You may also need to spend a significant amount of time talking to the public, businesses, colleagues in other municipalities, municipal staff and your administrator. Continuing interaction with these groups is an essential part of making an informed decision as a council member.
4. Running for Municipal Office
It's not crucial to have education or experience in a government setting to run as a candidate. You likely have skills, knowledge and abilities that are transferable to the elected official's role.
You may want to undertake a self-assessment of your skills prior to running for elected office.
Think about your:
- volunteer experience
- community involvement
- work experience
- membership in different organizations
- family life
Often your experiences have taught you how to:
- work as part of a team
- organize and prioritize
- make decisions
5. Government Employees Seeking Nomination as a Candidate or Becoming a Candidate
An employee wishing to seek a seat on council needs to refer to Section 43 of The Local Government Election Act, 2015.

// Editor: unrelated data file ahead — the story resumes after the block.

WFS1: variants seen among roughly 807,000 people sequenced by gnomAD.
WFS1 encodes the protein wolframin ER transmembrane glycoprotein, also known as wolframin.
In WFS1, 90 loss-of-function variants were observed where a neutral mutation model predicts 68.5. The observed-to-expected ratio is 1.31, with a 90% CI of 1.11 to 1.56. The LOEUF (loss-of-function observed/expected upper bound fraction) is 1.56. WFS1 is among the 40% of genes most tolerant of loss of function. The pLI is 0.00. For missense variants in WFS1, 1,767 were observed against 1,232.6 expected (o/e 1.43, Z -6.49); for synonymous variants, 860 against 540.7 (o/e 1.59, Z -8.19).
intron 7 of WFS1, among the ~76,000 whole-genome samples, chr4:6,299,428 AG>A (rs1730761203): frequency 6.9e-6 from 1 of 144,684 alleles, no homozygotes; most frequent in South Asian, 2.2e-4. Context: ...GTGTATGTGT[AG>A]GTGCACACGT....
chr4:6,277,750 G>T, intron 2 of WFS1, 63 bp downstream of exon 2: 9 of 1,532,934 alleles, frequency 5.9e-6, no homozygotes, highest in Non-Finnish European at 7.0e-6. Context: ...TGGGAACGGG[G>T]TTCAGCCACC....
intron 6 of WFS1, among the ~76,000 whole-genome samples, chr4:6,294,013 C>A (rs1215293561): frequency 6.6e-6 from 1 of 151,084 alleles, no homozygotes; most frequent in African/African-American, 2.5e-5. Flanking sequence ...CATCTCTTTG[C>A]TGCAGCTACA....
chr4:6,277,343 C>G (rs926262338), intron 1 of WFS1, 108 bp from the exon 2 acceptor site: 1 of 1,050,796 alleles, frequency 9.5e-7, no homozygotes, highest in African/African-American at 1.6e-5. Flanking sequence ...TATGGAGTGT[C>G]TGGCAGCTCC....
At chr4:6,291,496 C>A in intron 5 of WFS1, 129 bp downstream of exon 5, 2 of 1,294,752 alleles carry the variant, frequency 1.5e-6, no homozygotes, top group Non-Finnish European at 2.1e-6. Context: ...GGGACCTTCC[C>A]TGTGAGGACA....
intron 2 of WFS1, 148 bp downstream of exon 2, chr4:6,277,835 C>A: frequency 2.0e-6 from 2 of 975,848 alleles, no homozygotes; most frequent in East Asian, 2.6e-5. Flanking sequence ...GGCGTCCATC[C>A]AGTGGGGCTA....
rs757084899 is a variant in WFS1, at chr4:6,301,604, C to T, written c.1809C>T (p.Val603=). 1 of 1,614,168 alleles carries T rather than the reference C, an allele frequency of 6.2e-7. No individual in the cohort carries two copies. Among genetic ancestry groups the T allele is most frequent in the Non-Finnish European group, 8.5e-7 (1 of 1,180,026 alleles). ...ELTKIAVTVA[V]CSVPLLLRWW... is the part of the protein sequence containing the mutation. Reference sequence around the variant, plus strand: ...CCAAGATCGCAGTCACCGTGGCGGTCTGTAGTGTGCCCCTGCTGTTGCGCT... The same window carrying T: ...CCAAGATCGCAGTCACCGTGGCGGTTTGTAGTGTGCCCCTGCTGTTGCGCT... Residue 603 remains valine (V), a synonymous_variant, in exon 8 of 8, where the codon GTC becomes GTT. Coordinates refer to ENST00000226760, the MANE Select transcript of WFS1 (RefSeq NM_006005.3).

Employees should also make note of Section 2-54 of The Saskatchewan Employment Act and its other related provisions.
Refer to Section 2-54 of The Saskatchewan Employment Act and its other related provisions.
Refer to Part 7 of The Public Service Employment Act and its related provisions.
Employees should also make note of Section 2-54 of The Saskatchewan Employment Act and its related provisions.
6. Campaigning for Election
The purpose of campaigning is to convince electors you are the best candidate for the job. It involves talking to people, distributing brochures and posters, and perhaps paid media advertising.